Monday, March 05, 2007

Calls of Note Part 4

- Stifel is out with a Subprime Mortgage Sector downgrade saying that following meetings with three mortgage lenders last week (CFC, NDE, and IMH) and several recent negative developments in the sector, they are taking a significantly more bearish stance on the industry.

Specifically, despite valuations that are well below book value, the firm sees increasing evidence that this industry is now in a downward spiral whereby each negative development fuels additional deterioration in key fundamentals including origination volume, pricing, credit " and most importantly " funding.

Firm believes recent developments have led to a "crisis in confidence" that has put unbelievable pressure on secondary market demand with bids for loan pools and ABS bonds nearly evaporating. With the NEW and FMT news late Friday, the firm believes this risk is only increasing further, and they now expect profitability will be severely strained until conditions stabilize. They expect this to make it difficult for even higher quality players like LEND to remain solvent and all remaining subprime lenders will need to obtain significant covenant waivers to remain operational.
As a result, despite stocks that have fallen an average of nearly 50% since their initial cutious call (Feb 7), they believe further downside is likely, as liquidity risk is still rising. Accordingly, they have cuttheir rating to Sell from Hold on NFI, LEND, and NEW.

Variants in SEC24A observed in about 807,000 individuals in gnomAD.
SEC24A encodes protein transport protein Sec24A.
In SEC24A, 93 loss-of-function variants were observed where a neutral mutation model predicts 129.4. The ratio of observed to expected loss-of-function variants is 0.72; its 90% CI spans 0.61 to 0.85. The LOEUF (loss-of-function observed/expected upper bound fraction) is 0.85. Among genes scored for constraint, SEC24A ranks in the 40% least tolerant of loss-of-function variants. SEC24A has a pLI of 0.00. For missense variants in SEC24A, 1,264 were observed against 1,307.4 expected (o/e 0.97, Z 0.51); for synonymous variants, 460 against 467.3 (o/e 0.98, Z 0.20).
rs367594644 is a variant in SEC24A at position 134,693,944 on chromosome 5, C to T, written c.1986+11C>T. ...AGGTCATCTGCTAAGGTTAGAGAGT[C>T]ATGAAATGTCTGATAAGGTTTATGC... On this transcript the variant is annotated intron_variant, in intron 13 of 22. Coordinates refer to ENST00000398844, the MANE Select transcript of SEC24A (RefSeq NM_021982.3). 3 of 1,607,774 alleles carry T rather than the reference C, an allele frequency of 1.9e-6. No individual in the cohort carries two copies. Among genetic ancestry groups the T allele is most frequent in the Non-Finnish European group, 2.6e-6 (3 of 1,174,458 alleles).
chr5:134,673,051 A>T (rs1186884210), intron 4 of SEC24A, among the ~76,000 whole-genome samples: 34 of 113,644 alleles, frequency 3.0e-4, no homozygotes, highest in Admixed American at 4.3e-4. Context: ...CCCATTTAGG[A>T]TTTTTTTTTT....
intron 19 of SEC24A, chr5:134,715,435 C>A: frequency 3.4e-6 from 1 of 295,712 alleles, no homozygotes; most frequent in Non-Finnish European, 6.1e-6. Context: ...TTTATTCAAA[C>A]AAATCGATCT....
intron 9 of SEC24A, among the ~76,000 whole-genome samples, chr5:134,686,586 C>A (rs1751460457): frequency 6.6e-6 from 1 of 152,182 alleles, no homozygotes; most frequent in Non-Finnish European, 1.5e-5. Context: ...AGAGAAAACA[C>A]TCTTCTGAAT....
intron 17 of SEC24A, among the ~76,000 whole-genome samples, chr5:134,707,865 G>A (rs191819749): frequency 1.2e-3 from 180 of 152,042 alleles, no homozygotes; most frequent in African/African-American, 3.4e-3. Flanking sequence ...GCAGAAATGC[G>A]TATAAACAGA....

For CFC, while they still believe the company will take advantage of the sector turmoil, their near-term bias is also negative as they expect the disconcerting trends in the subprime sector to increasingly spread into the Alt-A and, to a lesser extent, prime sectors.

Notablecalls: Several firms are out with some pretty nasty commentary on NEW and other names. I know that many were loading up on the likes of NFI in anticipation of a bounce but now it looks like that train is going straight to hell.


dcxavier said...

The time is approaching where some of these companies will be good buys. Maybe one or two will go BK, but not the whole lot of them. Time to put them on the radar screen, especially look for good management to replace bad.

MikeT said...

NEW's existence at this point is dependent upon receiving waivers since they've breached 11 of their 16 credits of line used to fund loans.

If they don't, then the crippling cash crunch will come which ultimately will lead to bankrupty.

At this stage it's impossible to value this company. Some analysis I saw at morningstar suggested that NEW's book value in liquidation is most likely higher than the today's stock price. However, even morningstar, admitedly, doesn't have a good handle here